Power equipment ampacity limitations impose practical limits upon the available service voltage to serve a given load requirement for a single service, as shown in table 4-2.

Voltage drop considerations

Because all conductors exhibit an impedance to the flow of electric current, the voltage will not be constant throughout the system, but will tend to drop as one moves closer to the load. Ohm’s Law, expressed in phasor form for AC circuits, gives the basic relationship for voltage drop vs. the load current:

where

  • Vdrop is the voltage drop along a length of conductor or across a piece of equipment in volts
  • Il is the load current in amperes
  • Zcond is the conductor or equipment impedance, in ohm

Thus, the larger the load current and larger the conductor impedance, the larger the voltage drop. Unbalanced loads will, of course, give an unbalanced voltage drop, which will lead to an unbalanced voltage at the utilization equipment.

A voltage drop of 5% or less from the utility service to the most remotely-located load is recommended by NEC article 210.19(A)(1), FPN No. 4. Because this is a note only, it is not a requirement per se but is the commonly accepted guideline.

Table 4-2: Power equipment design limits to service voltage vs. load requirements,
for a single service


Because conductor impedance increases with the length of the conductor, it can be seen that unless the power source is close to the center of the load the voltage will vary across the system, and, further, it can be more costly to maintain the maximum voltage drop across the system to within 5% of the service voltage since larger conductors must be used to offset longer conductor lengths.

Also from equation (4-1) it can be seen that as load changes, so does the voltage drop. For a given maximum load, a measure of this change at a given point is the voltage regulation, defined as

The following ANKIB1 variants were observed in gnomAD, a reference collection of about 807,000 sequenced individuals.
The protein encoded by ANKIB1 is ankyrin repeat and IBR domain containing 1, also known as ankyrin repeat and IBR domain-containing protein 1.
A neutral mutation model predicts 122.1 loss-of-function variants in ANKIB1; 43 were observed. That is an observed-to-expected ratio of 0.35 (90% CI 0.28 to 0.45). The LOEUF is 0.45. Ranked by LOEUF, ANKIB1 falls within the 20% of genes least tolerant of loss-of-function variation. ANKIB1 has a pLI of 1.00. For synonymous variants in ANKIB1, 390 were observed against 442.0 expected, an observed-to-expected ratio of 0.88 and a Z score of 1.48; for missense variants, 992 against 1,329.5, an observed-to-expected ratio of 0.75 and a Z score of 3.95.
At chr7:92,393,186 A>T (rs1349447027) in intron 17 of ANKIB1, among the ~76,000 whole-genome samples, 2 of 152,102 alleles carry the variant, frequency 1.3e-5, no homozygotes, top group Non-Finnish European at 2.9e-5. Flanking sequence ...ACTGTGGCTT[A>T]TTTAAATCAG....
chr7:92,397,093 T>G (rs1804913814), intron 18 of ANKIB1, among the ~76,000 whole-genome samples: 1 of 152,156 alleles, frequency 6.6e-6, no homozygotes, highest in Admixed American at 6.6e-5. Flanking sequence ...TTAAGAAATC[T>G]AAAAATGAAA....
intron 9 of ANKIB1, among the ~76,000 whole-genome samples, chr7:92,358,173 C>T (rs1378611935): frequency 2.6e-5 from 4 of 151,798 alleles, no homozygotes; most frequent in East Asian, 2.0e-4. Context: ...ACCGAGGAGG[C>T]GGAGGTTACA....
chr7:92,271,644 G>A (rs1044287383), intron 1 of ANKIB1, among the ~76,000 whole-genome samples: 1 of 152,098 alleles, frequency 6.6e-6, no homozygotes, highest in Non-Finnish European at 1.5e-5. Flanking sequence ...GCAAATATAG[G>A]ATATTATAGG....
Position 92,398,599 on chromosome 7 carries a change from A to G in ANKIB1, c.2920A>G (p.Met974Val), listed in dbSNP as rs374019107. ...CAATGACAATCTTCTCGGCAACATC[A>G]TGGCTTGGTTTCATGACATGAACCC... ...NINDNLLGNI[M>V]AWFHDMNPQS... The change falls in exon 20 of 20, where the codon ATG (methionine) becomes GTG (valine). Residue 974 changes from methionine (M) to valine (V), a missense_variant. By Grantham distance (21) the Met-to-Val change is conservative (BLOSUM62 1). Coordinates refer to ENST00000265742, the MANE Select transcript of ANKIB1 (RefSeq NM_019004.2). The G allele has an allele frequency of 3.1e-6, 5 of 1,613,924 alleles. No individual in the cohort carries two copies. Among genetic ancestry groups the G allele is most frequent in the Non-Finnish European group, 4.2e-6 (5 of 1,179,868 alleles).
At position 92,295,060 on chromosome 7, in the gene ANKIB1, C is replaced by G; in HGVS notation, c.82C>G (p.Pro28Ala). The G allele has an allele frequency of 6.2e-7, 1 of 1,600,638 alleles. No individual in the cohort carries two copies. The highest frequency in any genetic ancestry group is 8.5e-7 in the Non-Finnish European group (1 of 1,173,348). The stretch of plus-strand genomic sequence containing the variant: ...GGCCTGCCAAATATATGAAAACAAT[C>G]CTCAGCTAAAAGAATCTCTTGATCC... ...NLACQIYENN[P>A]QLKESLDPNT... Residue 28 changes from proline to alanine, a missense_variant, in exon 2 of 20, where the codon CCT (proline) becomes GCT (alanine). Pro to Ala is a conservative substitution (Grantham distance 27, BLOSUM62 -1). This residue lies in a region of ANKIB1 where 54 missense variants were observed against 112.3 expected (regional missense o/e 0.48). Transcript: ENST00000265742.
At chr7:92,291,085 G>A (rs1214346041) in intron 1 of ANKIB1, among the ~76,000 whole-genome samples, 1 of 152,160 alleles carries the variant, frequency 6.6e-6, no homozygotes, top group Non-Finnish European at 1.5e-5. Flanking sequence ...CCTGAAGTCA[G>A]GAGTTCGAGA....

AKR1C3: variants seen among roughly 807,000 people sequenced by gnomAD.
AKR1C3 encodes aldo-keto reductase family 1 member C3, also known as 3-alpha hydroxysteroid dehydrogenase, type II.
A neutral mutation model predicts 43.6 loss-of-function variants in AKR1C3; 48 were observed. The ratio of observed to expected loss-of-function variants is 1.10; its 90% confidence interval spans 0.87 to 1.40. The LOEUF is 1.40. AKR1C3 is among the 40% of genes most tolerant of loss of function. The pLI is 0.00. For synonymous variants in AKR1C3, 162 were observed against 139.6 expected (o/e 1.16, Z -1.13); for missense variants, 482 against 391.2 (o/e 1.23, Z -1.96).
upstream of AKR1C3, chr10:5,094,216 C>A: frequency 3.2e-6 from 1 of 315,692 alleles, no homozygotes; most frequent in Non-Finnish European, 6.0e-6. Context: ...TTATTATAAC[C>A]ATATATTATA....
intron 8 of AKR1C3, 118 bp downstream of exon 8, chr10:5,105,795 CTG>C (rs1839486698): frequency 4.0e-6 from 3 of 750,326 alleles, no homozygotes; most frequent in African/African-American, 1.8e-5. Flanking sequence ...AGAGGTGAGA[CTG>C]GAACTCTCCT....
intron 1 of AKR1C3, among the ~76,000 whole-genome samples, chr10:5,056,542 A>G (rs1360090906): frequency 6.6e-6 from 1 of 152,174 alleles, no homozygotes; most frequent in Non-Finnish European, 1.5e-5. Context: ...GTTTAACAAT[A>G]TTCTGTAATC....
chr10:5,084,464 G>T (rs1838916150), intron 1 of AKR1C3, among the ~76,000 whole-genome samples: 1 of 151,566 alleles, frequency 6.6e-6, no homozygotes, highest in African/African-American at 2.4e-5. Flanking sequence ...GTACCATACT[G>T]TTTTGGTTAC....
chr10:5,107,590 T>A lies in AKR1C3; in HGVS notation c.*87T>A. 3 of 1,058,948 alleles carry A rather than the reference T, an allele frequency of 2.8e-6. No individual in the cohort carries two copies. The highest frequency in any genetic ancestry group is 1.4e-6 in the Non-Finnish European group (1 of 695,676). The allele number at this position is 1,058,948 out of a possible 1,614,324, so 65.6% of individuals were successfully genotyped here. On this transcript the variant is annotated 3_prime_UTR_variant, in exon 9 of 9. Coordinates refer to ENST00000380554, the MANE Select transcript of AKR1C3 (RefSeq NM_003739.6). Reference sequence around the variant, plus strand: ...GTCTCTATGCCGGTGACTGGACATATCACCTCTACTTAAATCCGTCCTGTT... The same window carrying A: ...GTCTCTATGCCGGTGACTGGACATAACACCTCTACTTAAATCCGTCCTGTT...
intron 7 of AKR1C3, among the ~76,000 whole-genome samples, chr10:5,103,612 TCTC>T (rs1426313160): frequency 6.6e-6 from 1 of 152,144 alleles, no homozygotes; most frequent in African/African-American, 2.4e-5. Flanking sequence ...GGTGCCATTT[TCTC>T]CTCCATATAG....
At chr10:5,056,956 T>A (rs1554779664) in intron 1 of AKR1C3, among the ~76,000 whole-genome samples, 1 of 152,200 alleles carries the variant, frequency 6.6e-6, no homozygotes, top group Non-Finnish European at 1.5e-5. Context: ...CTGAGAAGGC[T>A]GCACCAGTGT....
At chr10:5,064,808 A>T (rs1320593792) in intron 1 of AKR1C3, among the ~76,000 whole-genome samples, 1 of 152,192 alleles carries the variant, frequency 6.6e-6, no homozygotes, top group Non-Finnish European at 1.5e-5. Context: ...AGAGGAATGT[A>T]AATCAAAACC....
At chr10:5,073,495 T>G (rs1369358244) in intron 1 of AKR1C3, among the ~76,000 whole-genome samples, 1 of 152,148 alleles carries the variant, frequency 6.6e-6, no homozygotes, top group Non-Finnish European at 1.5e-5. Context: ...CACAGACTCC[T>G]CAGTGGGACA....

where

  • Vno load is the voltage, at a given point in the system, with no load current flowing from that point to the load.
  • Vload is the voltage, at the same point in the system, with full load current flowing from that point to the load.

Another source of concern when planning for voltage drop is the use of power-factor correction capacitors. Because these serve to reduce the reactive component of the load current they will also reduce the voltage drop per equation (4-1). Both low and high voltage conditions, and voltage imbalance, have an adverse effect on utilization equipment (see [2] for additional information). Voltage drop must therefore be taken into account during power system design to avoid future problems.

References

[1] American National Standard Preferred Voltage Ratings for Electric Power Systems and Equipment (60 Hz), ANSI C84.1-1989.

[2] IEEE Recommended Practice for Electric Power Distribution for Industrial Plants, IEEE Standard 141-1993, December 1993.

Published by PQTBlog

Electrical Engineer